The more I read about Timo Soini the more I am convinced that the Perussuomalaiset (PS) party is a threat to this country, especially to those who do not fit the PS’ narrow view of the world. I am not contesting the election result, which I respect, but what the cat has brought in from the back door.

Demari: Syrjinnällä ei sijaa hallituspolitiikassa

Eduskuntavaalien tulos huolestuttaa suurta osaa kansaa. Perussuomalaisten suurvoiton pelätään muuttavan Suomen maaksi, jossa suvaitsevaisuutta, kansainvälisyyttä ja monikulttuurisuutta arvostavat eivät tunne oloaan kotoiseksi. Monet uhkaavat muuttaa muualle.

Aamulehti: Ylänurkka: Maan tapa leviää Euroopassa

Suomen sosiaalidemokraattisen puolueen puheenjohtajalla Jutta Urpilaisella, Saksan kristillisdemokraattisella liittokanslerilla Angela Merkelillä ja Britannian konservatiivisella pääministerillä David Cameronilla on ainakin yksi yhteinen piirre.

Fallacies of Finland’s immigration-refugee debate

If we look at the ongoing immigration-refugee debate in Finland, there are five fallacies that one should look at critically in order to understand the debate. I have compiled a list of the top five claims that I consider the most absurd and politically questionable but are used constantly in the ongoing debate:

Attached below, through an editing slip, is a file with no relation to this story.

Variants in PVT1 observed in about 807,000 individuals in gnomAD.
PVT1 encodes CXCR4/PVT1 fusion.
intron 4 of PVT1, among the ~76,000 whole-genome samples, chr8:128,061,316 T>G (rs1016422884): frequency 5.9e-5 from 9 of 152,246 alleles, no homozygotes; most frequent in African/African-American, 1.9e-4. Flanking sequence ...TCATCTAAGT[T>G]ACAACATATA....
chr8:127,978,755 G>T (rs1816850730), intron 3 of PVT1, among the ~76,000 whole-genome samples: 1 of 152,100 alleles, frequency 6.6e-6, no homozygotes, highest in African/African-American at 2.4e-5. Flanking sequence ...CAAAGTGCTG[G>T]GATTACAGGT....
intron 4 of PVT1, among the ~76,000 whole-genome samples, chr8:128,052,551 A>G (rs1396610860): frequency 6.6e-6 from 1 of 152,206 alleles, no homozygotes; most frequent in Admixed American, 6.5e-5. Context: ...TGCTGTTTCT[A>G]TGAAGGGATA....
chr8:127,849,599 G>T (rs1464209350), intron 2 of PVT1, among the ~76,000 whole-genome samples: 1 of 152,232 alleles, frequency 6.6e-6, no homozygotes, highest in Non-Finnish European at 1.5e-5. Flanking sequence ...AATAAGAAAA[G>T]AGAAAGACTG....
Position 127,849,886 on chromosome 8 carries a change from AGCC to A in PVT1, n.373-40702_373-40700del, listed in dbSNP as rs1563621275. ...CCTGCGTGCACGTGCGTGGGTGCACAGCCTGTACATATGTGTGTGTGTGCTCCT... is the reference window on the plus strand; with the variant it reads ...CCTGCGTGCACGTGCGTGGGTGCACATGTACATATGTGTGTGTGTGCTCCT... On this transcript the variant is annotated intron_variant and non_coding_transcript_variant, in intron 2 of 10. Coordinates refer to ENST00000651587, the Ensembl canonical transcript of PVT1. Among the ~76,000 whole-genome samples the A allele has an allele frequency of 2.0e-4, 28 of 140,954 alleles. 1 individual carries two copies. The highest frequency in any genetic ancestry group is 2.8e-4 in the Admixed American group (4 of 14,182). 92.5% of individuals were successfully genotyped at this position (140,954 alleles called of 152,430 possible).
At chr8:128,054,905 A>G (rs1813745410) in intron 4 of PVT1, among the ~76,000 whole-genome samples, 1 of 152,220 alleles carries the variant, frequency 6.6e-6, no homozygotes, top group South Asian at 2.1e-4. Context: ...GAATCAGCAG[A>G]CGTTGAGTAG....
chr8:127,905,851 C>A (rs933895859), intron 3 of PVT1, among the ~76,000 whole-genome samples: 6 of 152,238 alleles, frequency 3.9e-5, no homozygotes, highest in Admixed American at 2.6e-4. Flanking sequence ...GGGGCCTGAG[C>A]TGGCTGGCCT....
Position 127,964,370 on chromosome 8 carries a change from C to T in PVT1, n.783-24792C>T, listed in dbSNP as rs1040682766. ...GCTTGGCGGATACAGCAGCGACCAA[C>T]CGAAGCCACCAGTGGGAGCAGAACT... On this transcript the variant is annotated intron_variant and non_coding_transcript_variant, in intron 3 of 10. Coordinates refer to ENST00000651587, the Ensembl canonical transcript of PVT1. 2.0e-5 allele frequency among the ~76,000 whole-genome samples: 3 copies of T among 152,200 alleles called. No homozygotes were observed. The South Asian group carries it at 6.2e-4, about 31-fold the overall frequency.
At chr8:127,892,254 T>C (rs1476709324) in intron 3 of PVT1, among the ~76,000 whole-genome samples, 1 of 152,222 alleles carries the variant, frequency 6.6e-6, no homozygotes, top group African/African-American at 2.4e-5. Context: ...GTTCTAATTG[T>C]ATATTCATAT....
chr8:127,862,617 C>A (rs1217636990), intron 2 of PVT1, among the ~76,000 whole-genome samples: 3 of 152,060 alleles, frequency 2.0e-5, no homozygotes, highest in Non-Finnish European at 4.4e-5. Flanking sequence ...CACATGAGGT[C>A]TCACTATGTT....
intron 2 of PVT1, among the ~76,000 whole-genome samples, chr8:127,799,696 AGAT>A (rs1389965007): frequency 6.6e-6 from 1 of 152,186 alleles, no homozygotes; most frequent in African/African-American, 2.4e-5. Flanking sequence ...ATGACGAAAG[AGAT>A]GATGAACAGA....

SDP-Heinäluoma anti-immigration drama: How many are threatening Finland?

After one wing of the Social Democratic Party notched closer to the anti-immigration True Finns, one should quietly ask what’s all the fuss about. SDP MP Eero Heinäluoma stated in an interview in Swedish daily HBL that Finland should not encourage labor immigrants because there are 300,000 unemployed. Fair enough, then he goes on and blames immigrants for spreading racism because “they will take Finnish jobs.”

Take two of the SDP-Heinäluoma anti-immigration saga

Social Democrat MP Eero Heinäluoma, who outraged a number of politicians, some Finns and immigrants over the weekend in an HBL inerview on Saturday, admits in the Social Democratic Party daily Demari, where he states that the party’s immigration policy has not stiffened.

Racism in Finland and elsewhere